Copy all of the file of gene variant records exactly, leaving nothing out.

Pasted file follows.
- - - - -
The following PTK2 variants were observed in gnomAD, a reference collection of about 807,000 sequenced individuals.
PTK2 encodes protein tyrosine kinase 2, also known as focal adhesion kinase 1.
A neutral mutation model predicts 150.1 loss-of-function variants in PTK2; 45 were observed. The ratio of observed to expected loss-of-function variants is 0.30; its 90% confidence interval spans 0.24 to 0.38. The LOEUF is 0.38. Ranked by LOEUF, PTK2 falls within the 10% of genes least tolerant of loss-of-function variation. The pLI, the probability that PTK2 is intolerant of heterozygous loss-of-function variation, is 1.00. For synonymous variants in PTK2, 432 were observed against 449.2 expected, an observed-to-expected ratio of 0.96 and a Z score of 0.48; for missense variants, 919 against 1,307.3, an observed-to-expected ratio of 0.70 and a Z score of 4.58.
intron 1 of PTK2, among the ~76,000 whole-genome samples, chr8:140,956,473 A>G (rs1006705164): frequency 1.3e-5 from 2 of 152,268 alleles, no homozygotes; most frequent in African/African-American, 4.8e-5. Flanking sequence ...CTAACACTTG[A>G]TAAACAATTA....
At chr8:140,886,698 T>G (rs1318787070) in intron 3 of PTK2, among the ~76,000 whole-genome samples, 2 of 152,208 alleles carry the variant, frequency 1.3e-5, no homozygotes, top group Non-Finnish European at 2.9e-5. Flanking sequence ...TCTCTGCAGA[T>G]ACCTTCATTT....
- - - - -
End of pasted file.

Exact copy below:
The following PTK2 variants were observed in gnomAD, a reference collection of about 807,000 sequenced individuals.
PTK2 encodes protein tyrosine kinase 2, also known as focal adhesion kinase 1.
A neutral mutation model predicts 150.1 loss-of-function variants in PTK2; 45 were observed. The ratio of observed to expected loss-of-function variants is 0.30; its 90% confidence interval spans 0.24 to 0.38. The LOEUF is 0.38. Ranked by LOEUF, PTK2 falls within the 10% of genes least tolerant of loss-of-function variation. The pLI, the probability that PTK2 is intolerant of heterozygous loss-of-function variation, is 1.00. For synonymous variants in PTK2, 432 were observed against 449.2 expected, an observed-to-expected ratio of 0.96 and a Z score of 0.48; for missense variants, 919 against 1,307.3, an observed-to-expected ratio of 0.70 and a Z score of 4.58.
intron 1 of PTK2, among the ~76,000 whole-genome samples, chr8:140,956,473 A>G (rs1006705164): frequency 1.3e-5 from 2 of 152,268 alleles, no homozygotes; most frequent in African/African-American, 4.8e-5. Flanking sequence ...CTAACACTTG[A>G]TAAACAATTA....
At chr8:140,886,698 T>G (rs1318787070) in intron 3 of PTK2, among the ~76,000 whole-genome samples, 2 of 152,208 alleles carry the variant, frequency 1.3e-5, no homozygotes, top group Non-Finnish European at 2.9e-5. Flanking sequence ...TCTCTGCAGA[T>G]ACCTTCATTT....